Schwarzenegger presses for more aid from Washington

Gov. Arnold Schwarzenegger and state lawmakers are asking for about $8 billion in aid from Washington to help plug California 's $20 billion-odd budget hole and prevent more spending cuts.

Rich Pedroncelli/AP
Gov. Arnold Schwarzenegger addresses a joint session of the state Legislature as he gives his final State of the State address at the Capitol in Sacramento, Calif., Wednesday.

Gov. Arnold Schwarzenegger (R) used his State of the State speech Wednesday to continue pressing his case that California’s fiscal dilemma is also Washington’s worry.

The state faces a $20.7 billion budget shortfall this year. Closing that gap means even more painful cuts after the state, which has seen tax revenues drop and unemployment rates rise amid recession, already slashed about $60 billion in spending last year.

This year, however, the governor and his legislative allies in Sacramento want an infusion of about $8 billion from the federal government to ease the state’s financial pain and keep them from having to make additional cuts to social programs. In the coming weeks, many Golden State lawmakers will be taking their case to Washington.

“We are not looking for a federal bailout, just federal fairness,” Governor Schwarzenegger said in his speech in Sacramento, echoing a message the governor has been sending California’s Congressional delegation for weeks now.

In a Dec. 22 letter to House Speaker Nancy Pelosi (D) of California, Schwarzenegger complained that his state receives an unfair Medicaid reimbursement rate.

He argued that if California’s repayment rate were similar to other large state it would add $2.2 billion back into state coffers.

“Federal funds have to be part of our budget solution because the federal government is part of our budget problem. When President Clinton was in office, California got back 94 cents on the dollar from the federal government. Today we get only 78 cents back,” Schwarzenegger said Wednesday.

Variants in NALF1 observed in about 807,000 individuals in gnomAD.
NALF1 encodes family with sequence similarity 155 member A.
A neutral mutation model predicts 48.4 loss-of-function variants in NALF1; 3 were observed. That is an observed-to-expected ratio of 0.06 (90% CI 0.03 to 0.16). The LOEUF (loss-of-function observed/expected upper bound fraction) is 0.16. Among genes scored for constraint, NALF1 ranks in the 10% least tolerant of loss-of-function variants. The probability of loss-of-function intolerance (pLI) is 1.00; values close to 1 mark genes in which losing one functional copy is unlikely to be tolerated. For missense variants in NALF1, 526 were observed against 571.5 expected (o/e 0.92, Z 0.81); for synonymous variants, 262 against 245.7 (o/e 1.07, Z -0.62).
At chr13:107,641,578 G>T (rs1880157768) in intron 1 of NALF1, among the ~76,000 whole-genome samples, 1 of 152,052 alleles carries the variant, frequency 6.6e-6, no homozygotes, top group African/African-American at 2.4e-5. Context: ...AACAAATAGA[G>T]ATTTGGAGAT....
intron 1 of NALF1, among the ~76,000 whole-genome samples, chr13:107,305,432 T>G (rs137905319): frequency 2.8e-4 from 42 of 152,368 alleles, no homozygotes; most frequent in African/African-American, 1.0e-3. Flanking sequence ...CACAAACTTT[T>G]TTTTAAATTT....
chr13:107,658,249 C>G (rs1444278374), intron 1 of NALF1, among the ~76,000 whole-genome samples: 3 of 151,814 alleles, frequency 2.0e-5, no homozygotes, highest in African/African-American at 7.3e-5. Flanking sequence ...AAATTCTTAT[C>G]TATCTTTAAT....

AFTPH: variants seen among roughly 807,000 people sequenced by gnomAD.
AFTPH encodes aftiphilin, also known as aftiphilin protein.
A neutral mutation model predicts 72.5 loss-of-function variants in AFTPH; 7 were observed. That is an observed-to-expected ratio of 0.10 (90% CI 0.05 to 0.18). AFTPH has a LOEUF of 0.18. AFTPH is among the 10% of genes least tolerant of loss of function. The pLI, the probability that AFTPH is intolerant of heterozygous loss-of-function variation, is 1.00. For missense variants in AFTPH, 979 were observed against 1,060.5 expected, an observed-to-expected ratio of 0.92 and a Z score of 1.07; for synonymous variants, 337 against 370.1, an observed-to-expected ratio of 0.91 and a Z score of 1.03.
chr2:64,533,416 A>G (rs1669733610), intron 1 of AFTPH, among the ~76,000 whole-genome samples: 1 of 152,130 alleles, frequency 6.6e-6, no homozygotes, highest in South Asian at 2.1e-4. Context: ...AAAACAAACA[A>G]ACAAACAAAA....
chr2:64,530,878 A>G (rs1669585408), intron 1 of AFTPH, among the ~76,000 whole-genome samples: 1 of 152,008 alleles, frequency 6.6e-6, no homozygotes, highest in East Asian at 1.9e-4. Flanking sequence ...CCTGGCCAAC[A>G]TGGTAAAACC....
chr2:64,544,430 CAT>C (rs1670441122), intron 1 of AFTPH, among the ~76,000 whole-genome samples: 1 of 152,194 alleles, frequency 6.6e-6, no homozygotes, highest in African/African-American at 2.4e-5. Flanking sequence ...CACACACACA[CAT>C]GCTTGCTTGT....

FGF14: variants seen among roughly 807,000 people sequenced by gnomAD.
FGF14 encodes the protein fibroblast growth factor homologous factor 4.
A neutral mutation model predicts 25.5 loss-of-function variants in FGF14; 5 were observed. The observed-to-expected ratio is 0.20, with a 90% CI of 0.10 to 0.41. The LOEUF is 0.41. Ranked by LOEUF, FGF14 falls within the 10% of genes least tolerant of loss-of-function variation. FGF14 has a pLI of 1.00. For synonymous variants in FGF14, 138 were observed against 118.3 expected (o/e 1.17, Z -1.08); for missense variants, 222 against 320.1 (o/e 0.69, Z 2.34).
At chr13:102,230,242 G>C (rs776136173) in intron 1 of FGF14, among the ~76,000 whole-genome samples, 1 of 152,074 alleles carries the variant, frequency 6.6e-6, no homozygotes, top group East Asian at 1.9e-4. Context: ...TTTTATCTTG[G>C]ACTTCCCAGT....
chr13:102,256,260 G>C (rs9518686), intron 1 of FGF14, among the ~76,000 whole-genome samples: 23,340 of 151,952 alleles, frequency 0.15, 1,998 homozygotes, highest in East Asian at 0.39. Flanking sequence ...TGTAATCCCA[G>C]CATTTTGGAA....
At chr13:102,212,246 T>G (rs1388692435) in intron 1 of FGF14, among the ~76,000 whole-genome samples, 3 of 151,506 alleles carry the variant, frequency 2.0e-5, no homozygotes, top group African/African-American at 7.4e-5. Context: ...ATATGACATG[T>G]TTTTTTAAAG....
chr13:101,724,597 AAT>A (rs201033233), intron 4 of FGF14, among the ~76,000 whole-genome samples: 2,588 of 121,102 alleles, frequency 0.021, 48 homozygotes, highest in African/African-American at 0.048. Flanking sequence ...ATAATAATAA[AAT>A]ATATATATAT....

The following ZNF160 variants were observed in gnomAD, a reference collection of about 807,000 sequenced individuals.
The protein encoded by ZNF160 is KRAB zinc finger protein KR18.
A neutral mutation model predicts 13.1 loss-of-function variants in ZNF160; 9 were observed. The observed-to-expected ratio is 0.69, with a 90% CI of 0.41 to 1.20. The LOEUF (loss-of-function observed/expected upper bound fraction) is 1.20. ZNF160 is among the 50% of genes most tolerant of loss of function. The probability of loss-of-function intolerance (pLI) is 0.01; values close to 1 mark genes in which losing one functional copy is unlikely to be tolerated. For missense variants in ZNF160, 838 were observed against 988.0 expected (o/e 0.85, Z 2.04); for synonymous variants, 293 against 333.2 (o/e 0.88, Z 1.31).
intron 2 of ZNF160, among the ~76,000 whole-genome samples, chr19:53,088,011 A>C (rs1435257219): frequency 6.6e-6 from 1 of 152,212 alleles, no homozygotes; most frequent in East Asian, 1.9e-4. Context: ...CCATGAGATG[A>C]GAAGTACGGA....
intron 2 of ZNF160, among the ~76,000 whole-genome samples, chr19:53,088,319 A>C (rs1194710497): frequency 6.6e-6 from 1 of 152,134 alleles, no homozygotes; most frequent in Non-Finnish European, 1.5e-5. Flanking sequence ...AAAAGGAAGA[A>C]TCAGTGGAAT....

California’s geographical location next to Mexico also means illegal immigration takes a hefty financial toll, he said. “While acknowledging its responsibility, the federal government is not even funding a 50-50 split of the costs of undocumented immigrants,” he said.

Some in Congress are pushing for a second round of stimulus spending for struggling states. In December, the House passed a $174 billion jobs bill that could help pay for infrastructure projects. President Obama has asked Congress for another aid package.

“There is a strong case not only here in California but across the country for continued federal aid to the states," Jean Ross, executive director of the California Budget Project, told the Los Angeles Times. “Absent additional assistance we could see state governments prolonging the national economic downturn by continuing to cut their budgets."

But others say California needs to address its own problems without looking for a handout courtesy of the American taxpayer.

“This state is going to have to become far more efficient in delivering basic services. California spends well above the national average on prisons, welfare and large public works projects,” wrote the editorial board of the Contra Costa Times based in Northern California. “Most important, we are going to have to solve our own problems without asking American taxpayers in states with far fewer assets than California to bail us out.”


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